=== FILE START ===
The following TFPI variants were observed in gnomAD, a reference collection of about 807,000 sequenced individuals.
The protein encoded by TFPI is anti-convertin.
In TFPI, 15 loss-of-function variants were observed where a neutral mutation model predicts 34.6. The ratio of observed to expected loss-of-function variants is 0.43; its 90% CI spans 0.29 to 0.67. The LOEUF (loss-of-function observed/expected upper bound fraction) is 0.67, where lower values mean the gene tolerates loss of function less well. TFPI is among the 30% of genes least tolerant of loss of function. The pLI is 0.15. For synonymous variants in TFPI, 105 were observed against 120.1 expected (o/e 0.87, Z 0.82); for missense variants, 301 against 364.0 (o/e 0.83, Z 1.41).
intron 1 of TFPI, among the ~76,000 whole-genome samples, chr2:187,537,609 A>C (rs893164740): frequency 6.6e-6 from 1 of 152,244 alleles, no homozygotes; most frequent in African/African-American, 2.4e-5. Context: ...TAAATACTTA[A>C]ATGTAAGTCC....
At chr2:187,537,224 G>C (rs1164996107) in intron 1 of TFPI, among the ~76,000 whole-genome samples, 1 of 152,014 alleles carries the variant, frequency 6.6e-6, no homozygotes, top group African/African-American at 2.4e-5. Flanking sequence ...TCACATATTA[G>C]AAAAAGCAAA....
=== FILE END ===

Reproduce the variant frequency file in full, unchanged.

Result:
The following TFPI variants were observed in gnomAD, a reference collection of about 807,000 sequenced individuals.
The protein encoded by TFPI is anti-convertin.
In TFPI, 15 loss-of-function variants were observed where a neutral mutation model predicts 34.6. The ratio of observed to expected loss-of-function variants is 0.43; its 90% CI spans 0.29 to 0.67. The LOEUF (loss-of-function observed/expected upper bound fraction) is 0.67, where lower values mean the gene tolerates loss of function less well. TFPI is among the 30% of genes least tolerant of loss of function. The pLI is 0.15. For synonymous variants in TFPI, 105 were observed against 120.1 expected (o/e 0.87, Z 0.82); for missense variants, 301 against 364.0 (o/e 0.83, Z 1.41).
intron 1 of TFPI, among the ~76,000 whole-genome samples, chr2:187,537,609 A>C (rs893164740): frequency 6.6e-6 from 1 of 152,244 alleles, no homozygotes; most frequent in African/African-American, 2.4e-5. Context: ...TAAATACTTA[A>C]ATGTAAGTCC....
At chr2:187,537,224 G>C (rs1164996107) in intron 1 of TFPI, among the ~76,000 whole-genome samples, 1 of 152,014 alleles carries the variant, frequency 6.6e-6, no homozygotes, top group African/African-American at 2.4e-5. Flanking sequence ...TCACATATTA[G>C]AAAAAGCAAA....